Thursday, June 19, 2008
New Additions to the Cellulosic Ethanol Stage
Although thermochemical and biochemical methods for the production of ethanol are the most practical and widely used methods to produce ethanol and cellulosic ethanol, electrochemical methods are another option. Thermochemical methods pertain mainly to burning the cellulose in a controlled fashion to produce a gas stream. This is usually combined with a biochemical catalyst (most likely a bacterium), where the gas stream is converted into ethanol. This combination of thermochemical and biochemical methods are what GM and Coskata are backing in their hopes to pioneer efficient ethanol production from cellulose.
However, Mitsubishi and RedOx Biofuels have agreed to work together on an electrochemical approach to producing ethanol from cellulosic feedstocks. With gas prices soaring and the price of corn skyrocketing due to the flooding in the Midwest, there has been an even greater push towards the creation and implementation of an efficient process to produce cellulosic ethanol. Electrochemical methods, such as those used by Mitsubishi, uses electricity and acid/base hydrolysis to break the bonds in cellulosic ethanol so that the sugars can be accessible to the bacteria that can convert them into ethanol.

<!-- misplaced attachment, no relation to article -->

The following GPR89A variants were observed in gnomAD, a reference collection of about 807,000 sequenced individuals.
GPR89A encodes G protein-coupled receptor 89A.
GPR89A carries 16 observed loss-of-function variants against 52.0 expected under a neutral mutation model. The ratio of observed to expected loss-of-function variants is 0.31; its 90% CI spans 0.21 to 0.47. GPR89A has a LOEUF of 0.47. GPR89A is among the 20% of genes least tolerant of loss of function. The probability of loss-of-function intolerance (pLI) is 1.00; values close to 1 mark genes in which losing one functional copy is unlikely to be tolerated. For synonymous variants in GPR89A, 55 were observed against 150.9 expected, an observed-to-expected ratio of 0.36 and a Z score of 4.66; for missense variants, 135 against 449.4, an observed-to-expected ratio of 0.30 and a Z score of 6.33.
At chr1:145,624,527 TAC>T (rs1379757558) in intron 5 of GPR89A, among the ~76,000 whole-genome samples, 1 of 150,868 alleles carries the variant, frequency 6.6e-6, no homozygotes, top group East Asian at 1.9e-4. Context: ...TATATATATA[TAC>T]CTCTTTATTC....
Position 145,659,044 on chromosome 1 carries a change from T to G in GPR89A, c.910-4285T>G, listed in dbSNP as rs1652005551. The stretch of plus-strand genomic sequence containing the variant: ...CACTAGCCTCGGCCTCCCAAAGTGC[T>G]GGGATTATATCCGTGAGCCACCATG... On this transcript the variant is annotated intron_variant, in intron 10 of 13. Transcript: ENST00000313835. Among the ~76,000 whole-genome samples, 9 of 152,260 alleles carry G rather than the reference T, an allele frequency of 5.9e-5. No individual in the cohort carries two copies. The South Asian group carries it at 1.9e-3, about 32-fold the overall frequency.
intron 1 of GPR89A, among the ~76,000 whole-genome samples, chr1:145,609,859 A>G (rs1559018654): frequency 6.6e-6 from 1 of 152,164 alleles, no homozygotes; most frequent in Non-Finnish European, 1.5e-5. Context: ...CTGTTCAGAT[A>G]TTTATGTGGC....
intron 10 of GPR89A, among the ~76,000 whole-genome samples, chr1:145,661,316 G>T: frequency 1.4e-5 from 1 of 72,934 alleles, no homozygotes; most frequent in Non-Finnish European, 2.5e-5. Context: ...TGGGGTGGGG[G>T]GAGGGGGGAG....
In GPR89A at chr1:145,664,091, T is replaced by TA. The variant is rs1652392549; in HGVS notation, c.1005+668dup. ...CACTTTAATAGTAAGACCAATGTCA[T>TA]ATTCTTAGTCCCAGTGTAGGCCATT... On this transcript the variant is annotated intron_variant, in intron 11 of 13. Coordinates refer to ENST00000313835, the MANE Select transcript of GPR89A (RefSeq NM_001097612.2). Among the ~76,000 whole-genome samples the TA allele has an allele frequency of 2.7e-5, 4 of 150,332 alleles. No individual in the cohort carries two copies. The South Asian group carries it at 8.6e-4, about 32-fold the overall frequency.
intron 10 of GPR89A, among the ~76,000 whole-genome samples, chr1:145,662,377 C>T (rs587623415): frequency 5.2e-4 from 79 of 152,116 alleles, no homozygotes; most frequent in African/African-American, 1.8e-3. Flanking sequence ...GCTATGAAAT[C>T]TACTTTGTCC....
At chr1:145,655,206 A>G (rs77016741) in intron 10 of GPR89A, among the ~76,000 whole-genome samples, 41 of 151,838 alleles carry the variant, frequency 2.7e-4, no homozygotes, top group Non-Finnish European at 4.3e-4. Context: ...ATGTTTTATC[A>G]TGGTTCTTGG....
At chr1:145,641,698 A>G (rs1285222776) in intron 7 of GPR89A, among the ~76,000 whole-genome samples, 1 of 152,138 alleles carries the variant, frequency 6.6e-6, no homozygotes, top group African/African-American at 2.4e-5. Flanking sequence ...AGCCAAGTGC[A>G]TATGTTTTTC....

The problem with Mitsubishi's method is that unless they develop a way to use electricity in a highly efficient manner to break the bonds in cellulose I can almost guarantee to you that the process will use more energy than it produces. Thermochemical methods have the potential of working because the burning process can be self-sustaining once the material begins to burn (requiring only a portion of the feedstock to continue the process). So my reasoning is that although Mitsubishi is trying something new, it doesn't seem like they will be able to get very far with this process. Their proposed target is only 800 liters of ethanol produced next year, which is pitifully small even for a pilot-plant.
The facts are that fuel molecules, such as ethanol and certain furfural compounds that can mimic gasoline can be produced using electrochemical methods. The problem is that they can only produce a small amount of product and it takes an immense amount of energy using current procedures to make the process work. If nothing else works, these methods would be fine.... but I think we can do much better.
Here is a schematic diagram of what Mitsubishi envisions for their process: